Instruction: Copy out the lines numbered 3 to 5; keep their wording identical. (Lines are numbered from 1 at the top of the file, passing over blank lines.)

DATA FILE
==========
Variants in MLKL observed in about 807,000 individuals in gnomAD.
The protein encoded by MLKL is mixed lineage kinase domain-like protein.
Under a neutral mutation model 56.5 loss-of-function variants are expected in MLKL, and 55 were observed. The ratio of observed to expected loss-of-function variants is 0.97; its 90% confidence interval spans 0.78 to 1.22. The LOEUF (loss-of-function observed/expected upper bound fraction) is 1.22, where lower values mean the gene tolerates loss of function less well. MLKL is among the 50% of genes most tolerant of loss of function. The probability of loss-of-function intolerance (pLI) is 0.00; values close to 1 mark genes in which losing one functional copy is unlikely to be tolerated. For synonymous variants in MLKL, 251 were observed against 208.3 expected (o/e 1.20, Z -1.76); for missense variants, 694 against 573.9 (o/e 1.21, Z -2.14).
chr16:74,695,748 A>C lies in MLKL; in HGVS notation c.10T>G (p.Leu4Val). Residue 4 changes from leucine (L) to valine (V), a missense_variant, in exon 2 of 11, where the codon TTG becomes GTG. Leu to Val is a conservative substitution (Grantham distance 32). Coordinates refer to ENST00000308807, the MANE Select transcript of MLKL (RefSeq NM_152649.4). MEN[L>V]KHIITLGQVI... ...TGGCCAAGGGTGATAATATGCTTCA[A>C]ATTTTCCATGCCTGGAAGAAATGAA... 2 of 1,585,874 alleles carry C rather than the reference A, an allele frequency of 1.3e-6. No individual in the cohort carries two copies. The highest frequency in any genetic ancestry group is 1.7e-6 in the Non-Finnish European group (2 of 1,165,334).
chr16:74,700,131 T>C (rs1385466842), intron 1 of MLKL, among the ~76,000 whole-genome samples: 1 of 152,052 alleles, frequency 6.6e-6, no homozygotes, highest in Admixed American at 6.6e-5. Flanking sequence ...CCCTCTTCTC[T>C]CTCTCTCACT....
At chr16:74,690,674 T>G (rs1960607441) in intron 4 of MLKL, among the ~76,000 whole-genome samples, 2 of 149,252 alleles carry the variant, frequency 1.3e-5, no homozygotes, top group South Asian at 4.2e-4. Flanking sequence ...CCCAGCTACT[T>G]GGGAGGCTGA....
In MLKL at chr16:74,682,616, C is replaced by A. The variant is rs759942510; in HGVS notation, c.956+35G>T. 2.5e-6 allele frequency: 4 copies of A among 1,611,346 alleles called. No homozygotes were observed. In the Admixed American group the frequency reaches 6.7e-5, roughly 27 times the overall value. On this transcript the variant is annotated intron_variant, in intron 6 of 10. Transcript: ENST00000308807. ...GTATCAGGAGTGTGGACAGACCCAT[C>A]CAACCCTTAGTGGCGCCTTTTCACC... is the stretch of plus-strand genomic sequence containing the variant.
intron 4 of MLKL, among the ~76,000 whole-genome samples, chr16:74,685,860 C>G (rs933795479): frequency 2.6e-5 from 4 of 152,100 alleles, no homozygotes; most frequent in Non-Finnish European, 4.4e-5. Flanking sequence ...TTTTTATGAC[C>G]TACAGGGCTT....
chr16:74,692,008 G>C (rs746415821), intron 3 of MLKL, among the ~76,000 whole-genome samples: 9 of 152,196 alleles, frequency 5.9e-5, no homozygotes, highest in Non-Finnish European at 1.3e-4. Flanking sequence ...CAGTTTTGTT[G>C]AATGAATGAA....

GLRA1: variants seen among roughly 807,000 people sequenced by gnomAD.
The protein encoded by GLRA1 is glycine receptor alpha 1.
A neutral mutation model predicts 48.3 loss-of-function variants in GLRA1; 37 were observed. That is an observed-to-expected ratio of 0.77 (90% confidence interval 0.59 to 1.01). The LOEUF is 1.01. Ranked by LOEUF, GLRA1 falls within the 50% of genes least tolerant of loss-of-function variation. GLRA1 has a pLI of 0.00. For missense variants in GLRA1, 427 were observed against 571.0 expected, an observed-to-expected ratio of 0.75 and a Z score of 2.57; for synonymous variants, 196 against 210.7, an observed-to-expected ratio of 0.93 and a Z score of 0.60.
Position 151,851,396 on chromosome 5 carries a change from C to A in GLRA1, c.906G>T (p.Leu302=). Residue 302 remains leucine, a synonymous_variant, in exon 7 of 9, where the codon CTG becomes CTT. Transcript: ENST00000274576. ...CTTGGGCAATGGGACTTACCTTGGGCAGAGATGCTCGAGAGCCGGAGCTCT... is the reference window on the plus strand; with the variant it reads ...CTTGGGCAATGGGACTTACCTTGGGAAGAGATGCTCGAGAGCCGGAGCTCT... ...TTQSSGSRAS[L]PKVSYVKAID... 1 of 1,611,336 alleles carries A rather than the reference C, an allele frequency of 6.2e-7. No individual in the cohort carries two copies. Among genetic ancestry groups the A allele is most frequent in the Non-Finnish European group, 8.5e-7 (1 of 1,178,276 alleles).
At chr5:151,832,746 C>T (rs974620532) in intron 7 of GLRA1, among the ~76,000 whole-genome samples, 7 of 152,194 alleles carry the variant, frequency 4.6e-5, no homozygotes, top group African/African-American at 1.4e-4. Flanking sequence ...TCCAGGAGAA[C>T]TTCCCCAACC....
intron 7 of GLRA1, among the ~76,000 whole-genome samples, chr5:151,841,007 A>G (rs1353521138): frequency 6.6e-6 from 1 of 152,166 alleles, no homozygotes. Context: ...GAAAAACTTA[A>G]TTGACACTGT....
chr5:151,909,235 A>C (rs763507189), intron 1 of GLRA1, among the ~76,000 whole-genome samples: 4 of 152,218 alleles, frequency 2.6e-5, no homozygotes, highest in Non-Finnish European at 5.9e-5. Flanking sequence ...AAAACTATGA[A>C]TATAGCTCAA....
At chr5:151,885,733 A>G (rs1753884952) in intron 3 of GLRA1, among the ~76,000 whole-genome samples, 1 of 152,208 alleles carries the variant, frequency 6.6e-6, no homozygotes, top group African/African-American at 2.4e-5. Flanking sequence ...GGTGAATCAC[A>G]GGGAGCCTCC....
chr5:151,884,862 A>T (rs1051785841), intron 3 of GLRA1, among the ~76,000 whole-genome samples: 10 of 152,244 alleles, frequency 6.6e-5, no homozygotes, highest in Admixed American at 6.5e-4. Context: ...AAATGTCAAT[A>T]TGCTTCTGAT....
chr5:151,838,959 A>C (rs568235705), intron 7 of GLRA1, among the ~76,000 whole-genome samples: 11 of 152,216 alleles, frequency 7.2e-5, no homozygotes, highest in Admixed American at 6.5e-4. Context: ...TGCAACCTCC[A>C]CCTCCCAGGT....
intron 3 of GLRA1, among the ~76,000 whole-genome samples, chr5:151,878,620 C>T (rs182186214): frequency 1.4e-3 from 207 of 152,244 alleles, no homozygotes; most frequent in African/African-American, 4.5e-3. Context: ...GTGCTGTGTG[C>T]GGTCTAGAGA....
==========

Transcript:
Under a neutral mutation model 56.5 loss-of-function variants are expected in MLKL, and 55 were observed. The ratio of observed to expected loss-of-function variants is 0.97; its 90% confidence interval spans 0.78 to 1.22. The LOEUF (loss-of-function observed/expected upper bound fraction) is 1.22, where lower values mean the gene tolerates loss of function less well. MLKL is among the 50% of genes most tolerant of loss of function. The probability of loss-of-function intolerance (pLI) is 0.00; values close to 1 mark genes in which losing one functional copy is unlikely to be tolerated. For synonymous variants in MLKL, 251 were observed against 208.3 expected (o/e 1.20, Z -1.76); for missense variants, 694 against 573.9 (o/e 1.21, Z -2.14).
chr16:74,695,748 A>C lies in MLKL; in HGVS notation c.10T>G (p.Leu4Val). Residue 4 changes from leucine (L) to valine (V), a missense_variant, in exon 2 of 11, where the codon TTG becomes GTG. Leu to Val is a conservative substitution (Grantham distance 32). Coordinates refer to ENST00000308807, the MANE Select transcript of MLKL (RefSeq NM_152649.4). MEN[L>V]KHIITLGQVI... ...TGGCCAAGGGTGATAATATGCTTCA[A>C]ATTTTCCATGCCTGGAAGAAATGAA... 2 of 1,585,874 alleles carry C rather than the reference A, an allele frequency of 1.3e-6. No individual in the cohort carries two copies. The highest frequency in any genetic ancestry group is 1.7e-6 in the Non-Finnish European group (2 of 1,165,334).
chr16:74,700,131 T>C (rs1385466842), intron 1 of MLKL, among the ~76,000 whole-genome samples: 1 of 152,052 alleles, frequency 6.6e-6, no homozygotes, highest in Admixed American at 6.6e-5. Flanking sequence ...CCCTCTTCTC[T>C]CTCTCTCACT....